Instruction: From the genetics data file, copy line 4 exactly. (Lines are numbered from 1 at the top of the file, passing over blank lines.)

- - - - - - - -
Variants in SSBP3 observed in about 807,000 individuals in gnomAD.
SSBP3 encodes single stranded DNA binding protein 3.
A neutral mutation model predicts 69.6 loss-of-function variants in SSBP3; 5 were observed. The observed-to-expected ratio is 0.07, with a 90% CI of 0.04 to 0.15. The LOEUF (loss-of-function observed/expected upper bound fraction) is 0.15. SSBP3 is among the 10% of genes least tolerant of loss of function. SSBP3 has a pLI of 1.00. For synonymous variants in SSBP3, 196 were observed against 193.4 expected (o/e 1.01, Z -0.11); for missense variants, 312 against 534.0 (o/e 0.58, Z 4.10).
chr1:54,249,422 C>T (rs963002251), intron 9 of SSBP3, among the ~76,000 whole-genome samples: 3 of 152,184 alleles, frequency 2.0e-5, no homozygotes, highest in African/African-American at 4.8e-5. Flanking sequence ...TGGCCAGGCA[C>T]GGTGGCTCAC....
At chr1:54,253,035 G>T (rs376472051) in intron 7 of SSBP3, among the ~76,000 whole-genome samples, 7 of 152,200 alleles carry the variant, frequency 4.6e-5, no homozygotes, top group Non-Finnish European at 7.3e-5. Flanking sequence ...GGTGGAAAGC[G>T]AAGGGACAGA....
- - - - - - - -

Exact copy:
chr1:54,249,422 C>T (rs963002251), intron 9 of SSBP3, among the ~76,000 whole-genome samples: 3 of 152,184 alleles, frequency 2.0e-5, no homozygotes, highest in African/African-American at 4.8e-5. Flanking sequence ...TGGCCAGGCA[C>T]GGTGGCTCAC....